Kyle be back.
“Time-travel makes my head hurt,” yells Kyle Reese, midway through the mindbending Terminator Genisys. His words are sure to be echoed by a good few viewers.
With an alternate timeline wiping out most of what you know about Skynet, Sarah Connor and those deadly Terminators, this fifth instalment is easily the most headscratching of a franchise already built on Möbius-strip logic. But, with the welcome return of Arnold Schwarzenegger, this Alan Taylor-directed effort is a vast improvement on McG’s Salvation and Rise Of The Machines.
We begin with Reese (Jai Courtney) recapping: how defence program Skynet went sentient, how Judgement Day came in 1997, how the machines took over, how the humans fought back. The year is now 2029, and Reese volunteers to time-travel back to 1984 to protect the future mother of resistance leader John Connor (Jason Clarke), after Skynet sends a T-800 Terminator (Arnold Schwarzenegger, de-wrinkled thanks to digital trickery) back to kill her.
So far, so James Cameron – but that’s where the similarities to the director’s 1984 classic The Terminator ends.
When Reese arrives back in the mid-’80s (naked, of course), things aren’t how you remember them. For starters, John Connor’s mother Sarah (Emilia Clarke) is well aware of the Terminators, unlike Linda Hamilton in the original. She even has her own ageing T-800 (Arnie, again) – or ‘Pops’ as she calls him – to protect her. Turns out he was sent back to 1973, when she was nine, to look after her, staying with her ever since.
While Sarah and Arnie’s T-800 despatch the younger Terminator that’s come back through time, there’s another problem: a shape-shifting T-1000 (I Saw The Devil’s Byung-hun Lee, excellent), even dressed as a cop to remind us of Robert Patrick’s liquid-metal Terminator in Cameron’s 1991 bar-setting T2. As the trio fight off the T-1000, the first third is relentless – and arguably the most fun part of the film – playing out on freeways, and in cop shops, shopping malls and abandoned factories.
But then the plot really thickens. The twist – or one of them – is that Terminator Genisys is really Kyle Reese’s story. This time, the protector of Sarah Connor – who is sent back in time by her son John to ultimately father him – is having flashbacks to a sun-dappled past he never knew. In this alternate past/future, Judgement Day never happened. But Genisys will. “The ultimate killer app,” it’s a Skynet-sponsored Trojan Horse, set to launch in 2017, to link all our tech-gadgets and leave unsuspecting users vulnerable to attack.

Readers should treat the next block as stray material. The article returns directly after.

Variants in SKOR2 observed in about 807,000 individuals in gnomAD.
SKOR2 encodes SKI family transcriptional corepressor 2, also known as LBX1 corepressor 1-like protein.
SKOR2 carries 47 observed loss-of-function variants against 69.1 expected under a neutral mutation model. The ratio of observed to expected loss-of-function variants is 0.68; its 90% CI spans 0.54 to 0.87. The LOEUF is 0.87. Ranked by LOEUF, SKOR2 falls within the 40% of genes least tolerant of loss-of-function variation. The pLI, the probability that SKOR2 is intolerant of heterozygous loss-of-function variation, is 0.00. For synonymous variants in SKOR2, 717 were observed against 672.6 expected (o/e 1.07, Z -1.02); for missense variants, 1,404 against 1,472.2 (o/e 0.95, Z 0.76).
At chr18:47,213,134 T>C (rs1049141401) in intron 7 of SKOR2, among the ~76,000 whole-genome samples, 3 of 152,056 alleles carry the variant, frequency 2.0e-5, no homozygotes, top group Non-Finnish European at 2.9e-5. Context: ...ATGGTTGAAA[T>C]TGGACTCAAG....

Yet this doesn’t even begin to cover a plot so dense that even the trailer succumbs to spoilers. The complexity’s hinted at early on when Matt Smith’s mystery man pops up to attack John Connor as Reese is sent back to 1984. Thank heavens then for J.K. Simmons’ detective, who brings some much-needed humour to the “really, really complicated” story. Told that Reese and co are here to save the world, he quips: “I can work with that.”
What doesn’t work quite as well is the Arnie humour, not least a tiresome running gag where he tries to “blend in” by smiling. The obligatory “I’ll be back” line is casually used and dismissed, though this model prefers “bite me” as a signature phrase. Better are the references to his ageing appearance; explained with the idea that a Terminator’s flesh ages just like a human’s, it gives this T-800 (and its actor) a creaky look. “I’m old,” he says. “Not obsolete.”
Schwarzenegger’s return is vital, of course, after his CGI cameo in Terminator Salvation, and his relationship with Sarah does provide some emotional heft. Clarke is excellent: action-adept and able to convey her attachment towards her ‘Pops’ amid the constant rush of plot. Courtney, too, is a worthy successor to Michael Biehn from the Cameron original (a nice touch even has him dress up in the same trench coat when he first arrives back in 1984).
Indeed, there are numerous points when the script by Patrick Lussier and Laeta Kalogridis feels like a Greatest Hits, as if the earlier movies have criss-crossed together like the plot’s overlapping time-lines. Is it smart meta-writing? Or simply ripping off the originals? Arguably it’s both. But at least the script attempts something brave; in a franchise where the time-travel element has always been a Class A head-shag, this takes things to a whole new level.
Thankfully, Taylor – as he did in Thor: The Dark World – proves capable of keeping this 10-ton juggernaut of an action movie running at full pelt. Whether it’s watching Arnie smashing windscreens, a school bus somersaulting or some set-piece spectacle involving the Golden Gate Bridge, the polished visuals are ample distraction from the time-travel shenanigans.
Sadly, the ending has one WTF moment that lacks credibility, even in this logic-defying loopy universe. But by then, you’ll have most likely given in – and just accepted this as the barmiest Terminator yet.